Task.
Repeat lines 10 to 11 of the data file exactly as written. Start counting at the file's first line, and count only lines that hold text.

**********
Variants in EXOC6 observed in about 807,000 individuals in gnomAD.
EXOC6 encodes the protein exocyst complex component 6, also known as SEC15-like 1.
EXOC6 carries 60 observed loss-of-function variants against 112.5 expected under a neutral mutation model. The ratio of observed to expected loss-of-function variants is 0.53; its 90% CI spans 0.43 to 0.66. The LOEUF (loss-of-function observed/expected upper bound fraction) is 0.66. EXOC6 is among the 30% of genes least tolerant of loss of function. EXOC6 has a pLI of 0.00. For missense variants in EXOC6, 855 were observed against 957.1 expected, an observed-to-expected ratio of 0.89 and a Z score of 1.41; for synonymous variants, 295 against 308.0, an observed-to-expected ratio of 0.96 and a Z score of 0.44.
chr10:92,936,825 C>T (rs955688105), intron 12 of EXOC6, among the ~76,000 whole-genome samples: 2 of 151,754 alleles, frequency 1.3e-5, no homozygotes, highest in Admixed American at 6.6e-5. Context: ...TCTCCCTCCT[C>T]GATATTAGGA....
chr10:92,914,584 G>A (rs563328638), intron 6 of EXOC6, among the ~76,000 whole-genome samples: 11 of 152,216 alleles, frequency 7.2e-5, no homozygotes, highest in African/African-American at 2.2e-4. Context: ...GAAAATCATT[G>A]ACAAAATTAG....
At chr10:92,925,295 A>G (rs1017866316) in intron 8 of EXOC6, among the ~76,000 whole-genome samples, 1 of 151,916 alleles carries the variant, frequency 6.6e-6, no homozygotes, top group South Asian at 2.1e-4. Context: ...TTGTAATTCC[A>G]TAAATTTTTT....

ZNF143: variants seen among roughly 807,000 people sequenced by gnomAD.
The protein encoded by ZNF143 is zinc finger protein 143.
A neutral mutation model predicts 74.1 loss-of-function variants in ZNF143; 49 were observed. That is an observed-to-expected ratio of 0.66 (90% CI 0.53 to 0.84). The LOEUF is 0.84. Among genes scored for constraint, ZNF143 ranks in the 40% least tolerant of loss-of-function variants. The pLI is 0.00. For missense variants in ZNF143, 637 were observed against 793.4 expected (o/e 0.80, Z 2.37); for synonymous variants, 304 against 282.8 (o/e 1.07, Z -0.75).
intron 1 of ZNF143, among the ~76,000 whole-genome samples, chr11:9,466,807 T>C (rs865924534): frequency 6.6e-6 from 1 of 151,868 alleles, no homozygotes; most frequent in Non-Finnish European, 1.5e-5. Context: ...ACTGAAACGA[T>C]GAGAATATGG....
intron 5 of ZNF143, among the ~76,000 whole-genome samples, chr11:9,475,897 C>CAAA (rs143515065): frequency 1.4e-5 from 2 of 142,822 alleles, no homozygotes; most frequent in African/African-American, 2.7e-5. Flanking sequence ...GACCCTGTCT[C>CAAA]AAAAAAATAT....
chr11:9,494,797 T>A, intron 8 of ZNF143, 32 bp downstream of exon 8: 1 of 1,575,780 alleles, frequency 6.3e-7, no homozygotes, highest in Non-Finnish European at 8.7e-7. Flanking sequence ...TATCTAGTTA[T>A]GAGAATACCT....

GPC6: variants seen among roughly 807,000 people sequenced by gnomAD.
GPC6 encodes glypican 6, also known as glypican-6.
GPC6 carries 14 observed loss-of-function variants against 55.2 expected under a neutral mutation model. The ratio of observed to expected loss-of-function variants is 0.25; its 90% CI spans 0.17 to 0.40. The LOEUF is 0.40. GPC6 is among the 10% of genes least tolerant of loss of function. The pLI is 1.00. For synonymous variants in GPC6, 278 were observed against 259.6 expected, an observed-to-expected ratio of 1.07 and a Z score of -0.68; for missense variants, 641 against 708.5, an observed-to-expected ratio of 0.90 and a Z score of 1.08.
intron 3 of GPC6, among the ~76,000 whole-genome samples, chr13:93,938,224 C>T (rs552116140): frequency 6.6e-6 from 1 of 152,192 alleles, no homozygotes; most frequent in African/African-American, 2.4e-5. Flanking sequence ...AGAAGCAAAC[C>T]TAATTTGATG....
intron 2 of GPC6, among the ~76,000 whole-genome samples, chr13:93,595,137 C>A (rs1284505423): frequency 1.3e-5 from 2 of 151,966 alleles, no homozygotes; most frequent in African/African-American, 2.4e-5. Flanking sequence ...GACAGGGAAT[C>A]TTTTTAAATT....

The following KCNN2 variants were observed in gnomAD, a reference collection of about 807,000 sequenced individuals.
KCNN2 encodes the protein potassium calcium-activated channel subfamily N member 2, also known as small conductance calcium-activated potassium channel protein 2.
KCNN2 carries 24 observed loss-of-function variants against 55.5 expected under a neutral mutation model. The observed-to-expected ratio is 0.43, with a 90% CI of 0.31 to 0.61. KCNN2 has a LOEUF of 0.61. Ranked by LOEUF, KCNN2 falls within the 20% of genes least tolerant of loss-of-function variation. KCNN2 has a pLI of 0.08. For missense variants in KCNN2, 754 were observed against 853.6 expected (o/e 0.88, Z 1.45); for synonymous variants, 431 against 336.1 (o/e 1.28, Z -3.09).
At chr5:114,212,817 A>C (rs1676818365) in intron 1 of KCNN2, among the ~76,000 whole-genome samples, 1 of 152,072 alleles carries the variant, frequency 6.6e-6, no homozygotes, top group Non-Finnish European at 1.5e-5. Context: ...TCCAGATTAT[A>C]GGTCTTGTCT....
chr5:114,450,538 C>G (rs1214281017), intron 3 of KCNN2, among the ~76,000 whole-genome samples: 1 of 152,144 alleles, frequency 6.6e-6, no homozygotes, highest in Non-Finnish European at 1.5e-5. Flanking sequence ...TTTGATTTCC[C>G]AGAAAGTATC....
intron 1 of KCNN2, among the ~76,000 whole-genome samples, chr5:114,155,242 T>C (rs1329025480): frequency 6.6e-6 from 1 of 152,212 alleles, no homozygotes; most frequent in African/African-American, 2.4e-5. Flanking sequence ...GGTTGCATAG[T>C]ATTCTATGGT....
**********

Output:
intron 1 of ZNF143, among the ~76,000 whole-genome samples, chr11:9,466,807 T>C (rs865924534): frequency 6.6e-6 from 1 of 151,868 alleles, no homozygotes; most frequent in Non-Finnish European, 1.5e-5. Context: ...ACTGAAACGA[T>C]GAGAATATGG....
intron 5 of ZNF143, among the ~76,000 whole-genome samples, chr11:9,475,897 C>CAAA (rs143515065): frequency 1.4e-5 from 2 of 142,822 alleles, no homozygotes; most frequent in African/African-American, 2.7e-5. Flanking sequence ...GACCCTGTCT[C>CAAA]AAAAAAATAT....